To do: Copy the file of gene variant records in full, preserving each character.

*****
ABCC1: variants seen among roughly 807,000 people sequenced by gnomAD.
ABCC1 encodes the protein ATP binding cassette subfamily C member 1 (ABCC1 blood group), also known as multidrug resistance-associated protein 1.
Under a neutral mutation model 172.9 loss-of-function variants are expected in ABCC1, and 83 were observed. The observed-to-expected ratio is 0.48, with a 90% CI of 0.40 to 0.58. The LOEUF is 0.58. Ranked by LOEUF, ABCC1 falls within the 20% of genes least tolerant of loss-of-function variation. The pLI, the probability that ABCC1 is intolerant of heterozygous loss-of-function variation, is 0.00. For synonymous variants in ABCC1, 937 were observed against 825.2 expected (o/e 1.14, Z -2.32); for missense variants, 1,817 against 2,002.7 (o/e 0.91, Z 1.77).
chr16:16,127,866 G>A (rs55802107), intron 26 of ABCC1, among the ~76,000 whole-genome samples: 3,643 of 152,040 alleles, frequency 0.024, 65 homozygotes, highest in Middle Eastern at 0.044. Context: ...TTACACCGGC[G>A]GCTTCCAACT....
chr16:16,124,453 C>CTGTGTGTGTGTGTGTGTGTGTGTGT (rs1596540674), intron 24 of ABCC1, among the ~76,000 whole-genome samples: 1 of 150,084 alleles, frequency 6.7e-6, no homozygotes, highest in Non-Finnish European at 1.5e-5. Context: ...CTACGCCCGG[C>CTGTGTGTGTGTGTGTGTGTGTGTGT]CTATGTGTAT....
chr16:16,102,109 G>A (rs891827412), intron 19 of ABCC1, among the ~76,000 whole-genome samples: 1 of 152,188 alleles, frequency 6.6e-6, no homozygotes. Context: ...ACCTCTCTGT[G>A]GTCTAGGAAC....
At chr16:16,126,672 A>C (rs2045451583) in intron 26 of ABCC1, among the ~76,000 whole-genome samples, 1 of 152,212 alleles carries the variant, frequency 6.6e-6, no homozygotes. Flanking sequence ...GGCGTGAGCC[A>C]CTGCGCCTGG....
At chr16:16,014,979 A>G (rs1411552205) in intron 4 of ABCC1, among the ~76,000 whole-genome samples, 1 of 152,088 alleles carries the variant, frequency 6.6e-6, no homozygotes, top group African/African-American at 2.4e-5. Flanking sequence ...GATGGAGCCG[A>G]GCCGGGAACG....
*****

ABCC1: variants seen among roughly 807,000 people sequenced by gnomAD.
ABCC1 encodes the protein ATP binding cassette subfamily C member 1 (ABCC1 blood group), also known as multidrug resistance-associated protein 1.
Under a neutral mutation model 172.9 loss-of-function variants are expected in ABCC1, and 83 were observed. The observed-to-expected ratio is 0.48, with a 90% CI of 0.40 to 0.58. The LOEUF is 0.58. Ranked by LOEUF, ABCC1 falls within the 20% of genes least tolerant of loss-of-function variation. The pLI, the probability that ABCC1 is intolerant of heterozygous loss-of-function variation, is 0.00. For synonymous variants in ABCC1, 937 were observed against 825.2 expected (o/e 1.14, Z -2.32); for missense variants, 1,817 against 2,002.7 (o/e 0.91, Z 1.77).
chr16:16,127,866 G>A (rs55802107), intron 26 of ABCC1, among the ~76,000 whole-genome samples: 3,643 of 152,040 alleles, frequency 0.024, 65 homozygotes, highest in Middle Eastern at 0.044. Context: ...TTACACCGGC[G>A]GCTTCCAACT....
chr16:16,124,453 C>CTGTGTGTGTGTGTGTGTGTGTGTGT (rs1596540674), intron 24 of ABCC1, among the ~76,000 whole-genome samples: 1 of 150,084 alleles, frequency 6.7e-6, no homozygotes, highest in Non-Finnish European at 1.5e-5. Context: ...CTACGCCCGG[C>CTGTGTGTGTGTGTGTGTGTGTGTGT]CTATGTGTAT....
chr16:16,102,109 G>A (rs891827412), intron 19 of ABCC1, among the ~76,000 whole-genome samples: 1 of 152,188 alleles, frequency 6.6e-6, no homozygotes. Context: ...ACCTCTCTGT[G>A]GTCTAGGAAC....
At chr16:16,126,672 A>C (rs2045451583) in intron 26 of ABCC1, among the ~76,000 whole-genome samples, 1 of 152,212 alleles carries the variant, frequency 6.6e-6, no homozygotes. Flanking sequence ...GGCGTGAGCC[A>C]CTGCGCCTGG....
At chr16:16,014,979 A>G (rs1411552205) in intron 4 of ABCC1, among the ~76,000 whole-genome samples, 1 of 152,088 alleles carries the variant, frequency 6.6e-6, no homozygotes, top group African/African-American at 2.4e-5. Flanking sequence ...GATGGAGCCG[A>G]GCCGGGAACG....